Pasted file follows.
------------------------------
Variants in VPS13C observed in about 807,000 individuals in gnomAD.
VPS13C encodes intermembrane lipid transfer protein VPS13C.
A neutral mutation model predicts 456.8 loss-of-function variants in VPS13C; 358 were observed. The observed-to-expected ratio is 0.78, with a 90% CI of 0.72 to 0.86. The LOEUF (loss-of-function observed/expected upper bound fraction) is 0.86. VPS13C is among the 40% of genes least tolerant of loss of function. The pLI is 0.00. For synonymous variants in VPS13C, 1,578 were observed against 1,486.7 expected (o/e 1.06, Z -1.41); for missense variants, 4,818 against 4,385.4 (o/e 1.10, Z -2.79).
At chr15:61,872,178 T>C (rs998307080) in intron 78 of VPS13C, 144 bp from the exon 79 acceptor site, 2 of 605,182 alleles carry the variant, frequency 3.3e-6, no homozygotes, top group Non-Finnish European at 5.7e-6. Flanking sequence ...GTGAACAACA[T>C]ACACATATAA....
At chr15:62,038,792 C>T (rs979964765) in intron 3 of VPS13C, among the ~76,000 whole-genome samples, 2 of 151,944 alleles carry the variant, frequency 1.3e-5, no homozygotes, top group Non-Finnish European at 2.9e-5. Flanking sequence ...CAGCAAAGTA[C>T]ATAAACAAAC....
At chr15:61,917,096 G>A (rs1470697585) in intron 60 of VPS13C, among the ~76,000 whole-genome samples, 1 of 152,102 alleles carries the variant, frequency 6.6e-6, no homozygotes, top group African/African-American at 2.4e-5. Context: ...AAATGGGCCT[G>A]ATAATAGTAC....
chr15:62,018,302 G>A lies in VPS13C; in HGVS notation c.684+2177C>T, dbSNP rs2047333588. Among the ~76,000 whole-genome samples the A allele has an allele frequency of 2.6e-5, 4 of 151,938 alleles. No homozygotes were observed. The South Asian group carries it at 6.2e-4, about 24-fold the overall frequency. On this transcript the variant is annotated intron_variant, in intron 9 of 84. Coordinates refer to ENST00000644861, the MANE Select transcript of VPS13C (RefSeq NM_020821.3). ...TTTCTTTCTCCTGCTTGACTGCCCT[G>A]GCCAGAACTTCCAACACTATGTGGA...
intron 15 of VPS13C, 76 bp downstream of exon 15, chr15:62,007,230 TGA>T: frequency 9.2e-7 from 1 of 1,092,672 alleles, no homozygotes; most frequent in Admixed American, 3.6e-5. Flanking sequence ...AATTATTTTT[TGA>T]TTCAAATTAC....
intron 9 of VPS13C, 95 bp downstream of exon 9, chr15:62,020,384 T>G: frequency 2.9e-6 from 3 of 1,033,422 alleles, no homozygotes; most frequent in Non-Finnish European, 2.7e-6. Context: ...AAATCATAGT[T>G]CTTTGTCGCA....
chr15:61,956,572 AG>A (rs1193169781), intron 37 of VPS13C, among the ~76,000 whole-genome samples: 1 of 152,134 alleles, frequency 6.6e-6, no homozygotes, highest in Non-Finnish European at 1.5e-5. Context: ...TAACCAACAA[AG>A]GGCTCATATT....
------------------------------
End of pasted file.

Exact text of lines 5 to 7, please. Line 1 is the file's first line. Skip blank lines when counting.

At chr15:62,038,792 C>T (rs979964765) in intron 3 of VPS13C, among the ~76,000 whole-genome samples, 2 of 151,944 alleles carry the variant, frequency 1.3e-5, no homozygotes, top group Non-Finnish European at 2.9e-5. Flanking sequence ...CAGCAAAGTA[C>T]ATAAACAAAC....
At chr15:61,917,096 G>A (rs1470697585) in intron 60 of VPS13C, among the ~76,000 whole-genome samples, 1 of 152,102 alleles carries the variant, frequency 6.6e-6, no homozygotes, top group African/African-American at 2.4e-5. Context: ...AAATGGGCCT[G>A]ATAATAGTAC....
chr15:62,018,302 G>A lies in VPS13C; in HGVS notation c.684+2177C>T, dbSNP rs2047333588. Among the ~76,000 whole-genome samples the A allele has an allele frequency of 2.6e-5, 4 of 151,938 alleles. No homozygotes were observed. The South Asian group carries it at 6.2e-4, about 24-fold the overall frequency. On this transcript the variant is annotated intron_variant, in intron 9 of 84. Coordinates refer to ENST00000644861, the MANE Select transcript of VPS13C (RefSeq NM_020821.3). ...TTTCTTTCTCCTGCTTGACTGCCCT[G>A]GCCAGAACTTCCAACACTATGTGGA...